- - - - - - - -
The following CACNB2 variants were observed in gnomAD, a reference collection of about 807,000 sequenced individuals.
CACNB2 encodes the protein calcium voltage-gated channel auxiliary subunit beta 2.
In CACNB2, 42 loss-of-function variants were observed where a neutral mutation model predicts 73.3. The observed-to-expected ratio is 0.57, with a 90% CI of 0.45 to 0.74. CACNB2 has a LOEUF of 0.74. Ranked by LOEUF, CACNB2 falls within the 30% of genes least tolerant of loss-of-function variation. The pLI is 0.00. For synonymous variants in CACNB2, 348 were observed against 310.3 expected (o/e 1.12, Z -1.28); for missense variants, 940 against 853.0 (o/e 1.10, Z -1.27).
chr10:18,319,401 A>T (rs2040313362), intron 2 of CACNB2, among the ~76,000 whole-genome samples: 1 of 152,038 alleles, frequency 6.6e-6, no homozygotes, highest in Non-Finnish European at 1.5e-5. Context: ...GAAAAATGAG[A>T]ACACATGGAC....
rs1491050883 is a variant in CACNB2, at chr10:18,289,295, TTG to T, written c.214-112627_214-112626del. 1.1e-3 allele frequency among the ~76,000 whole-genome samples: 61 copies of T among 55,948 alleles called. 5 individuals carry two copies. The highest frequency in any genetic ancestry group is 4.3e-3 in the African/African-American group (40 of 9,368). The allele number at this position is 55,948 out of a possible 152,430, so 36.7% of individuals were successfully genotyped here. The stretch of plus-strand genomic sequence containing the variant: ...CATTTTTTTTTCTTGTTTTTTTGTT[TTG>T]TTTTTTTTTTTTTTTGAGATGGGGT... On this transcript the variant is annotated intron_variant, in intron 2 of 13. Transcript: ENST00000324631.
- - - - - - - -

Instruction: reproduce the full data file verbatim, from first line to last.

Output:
The following CACNB2 variants were observed in gnomAD, a reference collection of about 807,000 sequenced individuals.
CACNB2 encodes the protein calcium voltage-gated channel auxiliary subunit beta 2.
In CACNB2, 42 loss-of-function variants were observed where a neutral mutation model predicts 73.3. The observed-to-expected ratio is 0.57, with a 90% CI of 0.45 to 0.74. CACNB2 has a LOEUF of 0.74. Ranked by LOEUF, CACNB2 falls within the 30% of genes least tolerant of loss-of-function variation. The pLI is 0.00. For synonymous variants in CACNB2, 348 were observed against 310.3 expected (o/e 1.12, Z -1.28); for missense variants, 940 against 853.0 (o/e 1.10, Z -1.27).
chr10:18,319,401 A>T (rs2040313362), intron 2 of CACNB2, among the ~76,000 whole-genome samples: 1 of 152,038 alleles, frequency 6.6e-6, no homozygotes, highest in Non-Finnish European at 1.5e-5. Context: ...GAAAAATGAG[A>T]ACACATGGAC....
rs1491050883 is a variant in CACNB2, at chr10:18,289,295, TTG to T, written c.214-112627_214-112626del. 1.1e-3 allele frequency among the ~76,000 whole-genome samples: 61 copies of T among 55,948 alleles called. 5 individuals carry two copies. The highest frequency in any genetic ancestry group is 4.3e-3 in the African/African-American group (40 of 9,368). The allele number at this position is 55,948 out of a possible 152,430, so 36.7% of individuals were successfully genotyped here. The stretch of plus-strand genomic sequence containing the variant: ...CATTTTTTTTTCTTGTTTTTTTGTT[TTG>T]TTTTTTTTTTTTTTTGAGATGGGGT... On this transcript the variant is annotated intron_variant, in intron 2 of 13. Transcript: ENST00000324631.